How to See Inside Things

Mathematicians Musing About Mathematics

Wittgenstein’s Sheep

Leaning Tower of Pizza

PieThagoras’s World-Famous Mince πs

Diamond Frame

Poor Relations

Alexander’s Horned Sphere

The Sacred Principle of Mat

Perfectly Abundantly Amicably Deficient

Target Practice

Just a Phase I’m Going Through

Proof Techniques

Second Thoughts

How Dudeney Cooked Loyd

Cooking with Water

Celestial Resonance

Calculator Curiosity 2

Which is Bigger?

Sums That Go On For Ever

The Most Outrageous Proof

Colorado Smith and the Solar Temple

Why Can’t I Add Fractions Like I Multiply Them?

Farey, Farey, Quite Contrary

Pooling Resources

Welcome to the Rep-Tile House

Cooking on a Torus

The Catalan Conjecture

The Origin of the Square Root Symbol

Please Bear with Me

The Ham Sandwich Theorem

Cricket on Grumpius

The Man Who Loved Only Numbers

The Missing Piece

The Other Coconut

What Does Zeno?

Pieces of Five

Pi in the Sky

The Curious Incident of the Dog

Mathematics Made Difficult

A Weird Fact about Egyptian Fractions

A Four Colour Theorem

Serpent of Perpetual Darkness

What Are the Odds?

A Potted History of Mathematics

The Shortest Mathematical Joke Ever

Global Warming Swindle

Name the Cards

What Is Point Nine Recurring?

Ghost of a Departed Quantity

Nice Little Earner

A Puzzle for Leonardo

Congruent Numbers

Present-Minded Somewhere Else

It’s About Time

Do I Avoid Kangaroos?

The Klein Bottle

Accounting the Digits

Multiplying with Sticks

As Long as I Gaze on Laplacian Sunrise

Another Take on Mathematical Cats

Bordered Prime Magic Square

The Green-Tao Theorem

Peaucellier’s Linkage

A Better Approximation to π

Strictly for Calculus Buffs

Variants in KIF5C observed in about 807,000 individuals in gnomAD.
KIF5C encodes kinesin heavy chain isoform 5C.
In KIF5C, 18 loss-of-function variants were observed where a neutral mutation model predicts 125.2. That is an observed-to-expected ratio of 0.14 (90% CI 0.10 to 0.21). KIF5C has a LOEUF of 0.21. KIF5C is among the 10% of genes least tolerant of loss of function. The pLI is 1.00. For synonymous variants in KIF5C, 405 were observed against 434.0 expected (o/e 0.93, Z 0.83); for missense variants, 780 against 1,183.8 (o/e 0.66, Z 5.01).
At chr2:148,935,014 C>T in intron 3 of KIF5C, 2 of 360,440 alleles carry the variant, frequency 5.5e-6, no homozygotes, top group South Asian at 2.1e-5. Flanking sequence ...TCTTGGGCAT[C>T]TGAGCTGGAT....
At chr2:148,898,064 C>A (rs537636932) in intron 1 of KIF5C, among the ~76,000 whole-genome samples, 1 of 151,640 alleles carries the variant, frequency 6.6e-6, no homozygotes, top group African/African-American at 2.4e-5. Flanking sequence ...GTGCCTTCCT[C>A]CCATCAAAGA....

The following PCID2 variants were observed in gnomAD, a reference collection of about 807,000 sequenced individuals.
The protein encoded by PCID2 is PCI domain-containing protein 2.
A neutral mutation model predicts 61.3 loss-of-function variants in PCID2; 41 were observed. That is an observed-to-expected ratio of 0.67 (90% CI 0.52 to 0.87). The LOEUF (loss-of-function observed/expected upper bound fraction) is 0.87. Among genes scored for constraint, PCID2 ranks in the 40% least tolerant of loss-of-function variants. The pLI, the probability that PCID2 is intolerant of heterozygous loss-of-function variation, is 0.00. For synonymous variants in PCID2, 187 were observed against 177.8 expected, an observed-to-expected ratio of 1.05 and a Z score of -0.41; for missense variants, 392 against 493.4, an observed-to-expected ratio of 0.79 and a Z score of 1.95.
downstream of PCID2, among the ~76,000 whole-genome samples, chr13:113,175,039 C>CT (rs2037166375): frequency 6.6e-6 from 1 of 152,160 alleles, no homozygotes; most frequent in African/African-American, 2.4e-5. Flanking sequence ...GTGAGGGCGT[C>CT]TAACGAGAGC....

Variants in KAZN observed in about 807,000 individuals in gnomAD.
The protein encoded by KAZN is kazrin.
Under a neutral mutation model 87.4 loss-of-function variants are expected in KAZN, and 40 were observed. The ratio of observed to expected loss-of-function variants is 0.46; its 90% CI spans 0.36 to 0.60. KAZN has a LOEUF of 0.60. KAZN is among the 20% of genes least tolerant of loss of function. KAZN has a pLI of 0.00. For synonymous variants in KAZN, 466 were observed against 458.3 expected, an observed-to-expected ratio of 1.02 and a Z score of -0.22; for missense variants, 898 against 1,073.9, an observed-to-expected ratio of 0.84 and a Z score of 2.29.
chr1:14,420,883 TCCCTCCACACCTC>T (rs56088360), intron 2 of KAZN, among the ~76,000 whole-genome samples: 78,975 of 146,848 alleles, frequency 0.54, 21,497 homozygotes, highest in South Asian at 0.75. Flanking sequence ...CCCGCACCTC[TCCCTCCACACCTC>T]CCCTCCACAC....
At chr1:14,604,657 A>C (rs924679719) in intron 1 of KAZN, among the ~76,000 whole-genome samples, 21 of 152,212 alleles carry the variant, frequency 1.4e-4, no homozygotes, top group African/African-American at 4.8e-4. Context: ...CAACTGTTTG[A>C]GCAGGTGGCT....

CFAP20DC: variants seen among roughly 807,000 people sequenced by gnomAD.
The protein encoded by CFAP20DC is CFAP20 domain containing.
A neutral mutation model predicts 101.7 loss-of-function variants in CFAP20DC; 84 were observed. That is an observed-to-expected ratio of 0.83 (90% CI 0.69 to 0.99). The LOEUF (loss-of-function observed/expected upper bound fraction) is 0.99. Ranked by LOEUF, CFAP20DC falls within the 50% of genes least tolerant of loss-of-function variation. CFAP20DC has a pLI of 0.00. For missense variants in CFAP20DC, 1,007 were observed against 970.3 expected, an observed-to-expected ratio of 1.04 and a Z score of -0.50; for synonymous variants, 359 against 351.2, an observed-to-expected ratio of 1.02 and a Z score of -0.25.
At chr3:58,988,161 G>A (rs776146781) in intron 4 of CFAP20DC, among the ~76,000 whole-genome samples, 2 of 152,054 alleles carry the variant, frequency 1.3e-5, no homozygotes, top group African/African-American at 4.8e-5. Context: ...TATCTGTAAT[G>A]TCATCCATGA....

The Statue of Pallas Athene

Calculator Curiosity 3

Completing the Square

The Look and Say Sequence

Non-Mathematicians Musing About Mathematics

Euler’s Conjecture

The Millionth Digit

Piratical Pathways

Trains that Pass in the Siding

Please Make Yourself Clear

Squares, Lists and Digital Sums

Hilbert’s Hit-List

Match Trick

Which Hospital Should Close?

How to Turn a Sphere Inside Out

A Piece of String Walked into a Bar…

Slicing the Cake

The Origin of the Symbol for Pi

Hall of Mirrors

Greek and Trojan Asteroids

Sliding Coins

Beat That!

Euclid’s Puzzle

The Infinite Monkey Theorem

Monkeys Against Evolution

Universal Letter of Reference

Snakes and Adders

Powerful Crossnumber

Magic Handkerchiefs

A Bluffer’s Guide to Symmetry

Digital Century Revisited

An Infinity of Primes

A Century In Fractions

Ah, That Explains It…

Life, Recursion and Everything

False, Not Stated, Not Proved

Proof That 2 + 2 = 4

Slicing the Doughnut

The Kissing Number

Tippe Top Twister

When Is a Knot Not Knotted?

The Origin of the Factorial Symbol

Juniper Green

Mathematical Metajoke

Beyond the Fourth Dimension

Slade’s Braid

Avoiding the Neighbours

Career Move

A Rolling Wheel Gathers No Speed

Point Placement Problem

Chess in Flatland

The Infinite Lottery

Ships That Pass…

The Largest Number is Forty-Two

A Future History of Mathematics

Professor Stewart’s Superlative Storehouse of Sneaky Solutions and Stimulating Supplements